The kids aren’t all right

an illustration of a young adult sinking into water

K

ids today are sad. And anxious. And want to get help.

Most people who work with children, particularly in the realm of mental health, agree.

The rates of mental health issues in young people have skyrocketed in recent years. A wide range of factors are at play—greater access to healthcare leads to more treatment and diagnoses; technological advancements have made the internet and social media a major part of children’s lives for better or worse; isolation during the COVID-19 pandemic spanned several years of important childhood development; and the weight of only ever knowing a world where climate crisis, political instability and upheaval are the norm.

Noticing the worsening trends, in 2021 three major children’s health organizations declared a national emergency in child and adolescent mental health. Statistics show the grim reality.*

Big picture

Almost 20 percent of children in the U.S. age 3 to 17 have a mental, emotional, developmental or behavioral disorder. Only half will receive the treatment they need.

Estimated youth diagnosed with common conditions:
•	ADHD: 6 million
•	Anxiety disorders: 5.8 million
•	Behavioral problems: 5.5 million
•	Depression: 2.7 million
Recent studies of 12–17-year-olds revealed:
•	36.7% had persistent feelings of sadness or hopelessness
•	18.8% seriously considered attempting suicide
These issues are increasing at an alarming rate:
•	In the last decade, suicidal behaviors in high school students rose by 40%.
•	Suicide is now the 2nd and 3rd leading cause of death for children ages 10-14 and young people ages 15-24, respectively.
Discrimination exacerbates mental health issues:
•	22% of children living in poverty have a mental health disorder.
•	28.9% of children that experience racial discrimination have a mental health disorder.

Taking the temperature in Mt. Lebanon

Kaitlyn Campbell, clinical director at Outreach Teen & Family Services, says perfectionism and anxiety are the prominent issues counselors see from kids in Mt. Lebanon. She describes many patients as “internalizers” who experience distress but don’t express it or display inappropriate behaviors.

“We’re also seeing a big struggle with social skills because of the pandemic and social media,” says Campbell. For years kids were stuck inside, isolated, during a significant developmental stage where they would’ve been interacting with peers and adults in person. Many children didn’t learn key social skills, according to Campbell, such as taking turns, eye contact, emotional regulation, finding commonalities with someone new, acceptance of others and social anxiety coping skills.

Mt. Lebanon schools have programs to teach some of these skills. In elementary school, students have biweekly classroom counseling lessons, which cover academic, social and emotional goals, including healthy coping skills, sharing with others and talking about difficult feelings. The schools offer small skill-building groups, which are developed based on current student needs. School counselors also provide short-term individual counseling to students, which is more goal-oriented and skill-focused than mental health therapy.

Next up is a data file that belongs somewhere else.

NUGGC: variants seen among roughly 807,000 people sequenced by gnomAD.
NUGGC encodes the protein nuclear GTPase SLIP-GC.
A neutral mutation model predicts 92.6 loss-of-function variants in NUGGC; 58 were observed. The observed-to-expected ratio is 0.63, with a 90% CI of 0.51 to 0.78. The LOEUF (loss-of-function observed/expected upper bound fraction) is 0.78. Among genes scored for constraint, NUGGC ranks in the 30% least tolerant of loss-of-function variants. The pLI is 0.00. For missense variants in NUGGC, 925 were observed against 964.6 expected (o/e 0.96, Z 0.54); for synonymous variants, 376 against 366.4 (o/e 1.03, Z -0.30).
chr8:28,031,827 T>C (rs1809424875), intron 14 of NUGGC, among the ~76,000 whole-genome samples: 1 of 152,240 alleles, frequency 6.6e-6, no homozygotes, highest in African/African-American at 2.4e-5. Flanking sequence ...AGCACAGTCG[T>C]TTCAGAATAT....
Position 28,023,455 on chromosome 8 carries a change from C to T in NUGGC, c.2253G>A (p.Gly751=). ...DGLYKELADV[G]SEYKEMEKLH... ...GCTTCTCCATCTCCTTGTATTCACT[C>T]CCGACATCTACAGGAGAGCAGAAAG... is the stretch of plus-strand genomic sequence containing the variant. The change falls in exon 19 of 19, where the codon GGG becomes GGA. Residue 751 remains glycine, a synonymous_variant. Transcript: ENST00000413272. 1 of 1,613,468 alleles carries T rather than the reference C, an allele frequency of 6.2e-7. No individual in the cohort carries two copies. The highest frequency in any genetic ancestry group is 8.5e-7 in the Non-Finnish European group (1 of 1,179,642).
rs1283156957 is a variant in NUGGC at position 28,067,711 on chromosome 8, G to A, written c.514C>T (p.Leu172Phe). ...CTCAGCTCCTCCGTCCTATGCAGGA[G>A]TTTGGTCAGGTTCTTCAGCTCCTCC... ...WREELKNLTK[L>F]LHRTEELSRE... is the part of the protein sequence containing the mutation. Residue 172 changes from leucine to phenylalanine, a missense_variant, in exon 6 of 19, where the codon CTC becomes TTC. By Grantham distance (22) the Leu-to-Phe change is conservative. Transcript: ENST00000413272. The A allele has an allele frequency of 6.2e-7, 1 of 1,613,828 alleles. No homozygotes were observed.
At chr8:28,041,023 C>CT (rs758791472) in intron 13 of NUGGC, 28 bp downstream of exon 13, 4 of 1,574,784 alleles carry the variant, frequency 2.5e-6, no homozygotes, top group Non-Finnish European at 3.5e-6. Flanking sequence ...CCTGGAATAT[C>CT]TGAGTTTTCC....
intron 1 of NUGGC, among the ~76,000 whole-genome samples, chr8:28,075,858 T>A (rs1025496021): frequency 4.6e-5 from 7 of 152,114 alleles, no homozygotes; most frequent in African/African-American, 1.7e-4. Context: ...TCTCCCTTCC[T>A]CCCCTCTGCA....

Lori Morin, a counselor at Washington Elementary School who has been with the district for 21 years, says “We’ve had elementary counseling since 2004. We’ve noticed a shift because we’re such a big part of the schools. Students view us as the helper in the building.”

In Pennsylvania, elementary schools are not required to have counselors. However, Mt. Lebanon has counselors in every school. Superintendent Dr. Melissa Friez says this is important because “In school systems, you begin to see things as early as kindergarten.”

One incredible aspect of addressing mental health in childhood is that you can prevent an issue from developing into a disorder. In this way, preventive care and early support systems can impact the rest of a child’s life.

The high school has mental health initiatives as well. Students can access the “mind den,” a space to relax and practice mindfulness. Also, there is a relatively new student organization called Bring Change to Mind is part of a national campaign to destigmatize mental health.

an illustration of a young adult alone in a row boat with land far off covered in mist

When a rough patch becomes something more

It can be difficult to know if symptoms are fleeting or indicative of a deeper problem. After all, change is a part of growing up. Whether you’re a caretaker concerned about your child or a young person questioning your own mental health, here is what to look for.

Indicators of positive mental health:

  • Affection
  • Curiosity
  • Little-to-no impaired functioning in social situations, in school and at home
  • Positivity
  • Resiliency (does well with change or adversity)
  • Self-control

Indicators of a mental health issue:

  • Avoiding or missing school
  • Changes in academic performance
  • Difficulty sleeping or changes in sleeping habits
  • Drastic changes in mood, behavior or personality
  • Extreme worry or overwhelming fear
  • Frequent headaches, stomachaches, nausea or fatigue
  • Hurting oneself (or talking about it)
  • Little-to-no interest in activities they once enjoyed
  • Out-of-control behavior, i.e. violence or running away from home
  • Outbursts or extreme irritability
  • Persistent sadness that lasts two weeks or longer
  • Recurrent nightmares
  • Repetitive behaviors such as asking for reassurance, confessing or checking
  • Significant weight loss or weight gain
  • Substance abuse
  • Talking about death or suicide
  • Withdrawing from or avoiding social situations

If you or your child is showing signs of distress, reach out to a mental health professional.